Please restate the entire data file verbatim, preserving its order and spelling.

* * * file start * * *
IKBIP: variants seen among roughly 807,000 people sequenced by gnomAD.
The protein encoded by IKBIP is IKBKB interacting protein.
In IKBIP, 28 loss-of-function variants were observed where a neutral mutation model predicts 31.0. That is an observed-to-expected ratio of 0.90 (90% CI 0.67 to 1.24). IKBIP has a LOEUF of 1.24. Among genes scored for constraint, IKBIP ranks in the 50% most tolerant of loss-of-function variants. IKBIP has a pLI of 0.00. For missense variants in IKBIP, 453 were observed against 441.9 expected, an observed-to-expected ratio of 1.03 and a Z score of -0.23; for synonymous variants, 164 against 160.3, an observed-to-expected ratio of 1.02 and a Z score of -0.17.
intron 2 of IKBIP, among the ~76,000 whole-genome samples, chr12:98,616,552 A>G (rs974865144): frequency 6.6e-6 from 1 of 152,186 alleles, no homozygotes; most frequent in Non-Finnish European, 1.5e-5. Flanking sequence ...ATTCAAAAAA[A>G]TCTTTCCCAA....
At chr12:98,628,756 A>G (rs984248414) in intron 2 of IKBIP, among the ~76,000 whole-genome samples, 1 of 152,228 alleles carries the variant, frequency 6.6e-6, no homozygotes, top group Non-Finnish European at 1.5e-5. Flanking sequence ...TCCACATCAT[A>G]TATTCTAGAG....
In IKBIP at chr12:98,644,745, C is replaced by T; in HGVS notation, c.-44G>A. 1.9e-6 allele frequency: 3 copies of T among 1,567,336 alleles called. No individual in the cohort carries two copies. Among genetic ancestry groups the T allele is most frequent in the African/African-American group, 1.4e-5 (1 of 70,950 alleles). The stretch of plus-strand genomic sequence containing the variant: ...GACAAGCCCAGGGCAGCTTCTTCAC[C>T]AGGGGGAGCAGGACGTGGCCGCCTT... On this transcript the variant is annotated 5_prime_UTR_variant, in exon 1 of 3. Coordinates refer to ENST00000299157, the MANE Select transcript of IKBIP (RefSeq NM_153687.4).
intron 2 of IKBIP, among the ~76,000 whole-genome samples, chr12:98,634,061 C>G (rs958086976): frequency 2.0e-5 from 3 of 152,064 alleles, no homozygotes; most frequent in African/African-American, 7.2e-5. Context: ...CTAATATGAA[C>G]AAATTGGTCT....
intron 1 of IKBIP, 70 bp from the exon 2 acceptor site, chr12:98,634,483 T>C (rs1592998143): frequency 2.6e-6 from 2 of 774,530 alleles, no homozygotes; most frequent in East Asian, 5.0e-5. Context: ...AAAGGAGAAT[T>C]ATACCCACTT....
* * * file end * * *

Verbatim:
IKBIP: variants seen among roughly 807,000 people sequenced by gnomAD.
The protein encoded by IKBIP is IKBKB interacting protein.
In IKBIP, 28 loss-of-function variants were observed where a neutral mutation model predicts 31.0. That is an observed-to-expected ratio of 0.90 (90% CI 0.67 to 1.24). IKBIP has a LOEUF of 1.24. Among genes scored for constraint, IKBIP ranks in the 50% most tolerant of loss-of-function variants. IKBIP has a pLI of 0.00. For missense variants in IKBIP, 453 were observed against 441.9 expected, an observed-to-expected ratio of 1.03 and a Z score of -0.23; for synonymous variants, 164 against 160.3, an observed-to-expected ratio of 1.02 and a Z score of -0.17.
intron 2 of IKBIP, among the ~76,000 whole-genome samples, chr12:98,616,552 A>G (rs974865144): frequency 6.6e-6 from 1 of 152,186 alleles, no homozygotes; most frequent in Non-Finnish European, 1.5e-5. Flanking sequence ...ATTCAAAAAA[A>G]TCTTTCCCAA....
At chr12:98,628,756 A>G (rs984248414) in intron 2 of IKBIP, among the ~76,000 whole-genome samples, 1 of 152,228 alleles carries the variant, frequency 6.6e-6, no homozygotes, top group Non-Finnish European at 1.5e-5. Flanking sequence ...TCCACATCAT[A>G]TATTCTAGAG....
In IKBIP at chr12:98,644,745, C is replaced by T; in HGVS notation, c.-44G>A. 1.9e-6 allele frequency: 3 copies of T among 1,567,336 alleles called. No individual in the cohort carries two copies. Among genetic ancestry groups the T allele is most frequent in the African/African-American group, 1.4e-5 (1 of 70,950 alleles). The stretch of plus-strand genomic sequence containing the variant: ...GACAAGCCCAGGGCAGCTTCTTCAC[C>T]AGGGGGAGCAGGACGTGGCCGCCTT... On this transcript the variant is annotated 5_prime_UTR_variant, in exon 1 of 3. Coordinates refer to ENST00000299157, the MANE Select transcript of IKBIP (RefSeq NM_153687.4).
intron 2 of IKBIP, among the ~76,000 whole-genome samples, chr12:98,634,061 C>G (rs958086976): frequency 2.0e-5 from 3 of 152,064 alleles, no homozygotes; most frequent in African/African-American, 7.2e-5. Context: ...CTAATATGAA[C>G]AAATTGGTCT....
intron 1 of IKBIP, 70 bp from the exon 2 acceptor site, chr12:98,634,483 T>C (rs1592998143): frequency 2.6e-6 from 2 of 774,530 alleles, no homozygotes; most frequent in East Asian, 5.0e-5. Context: ...AAAGGAGAAT[T>C]ATACCCACTT....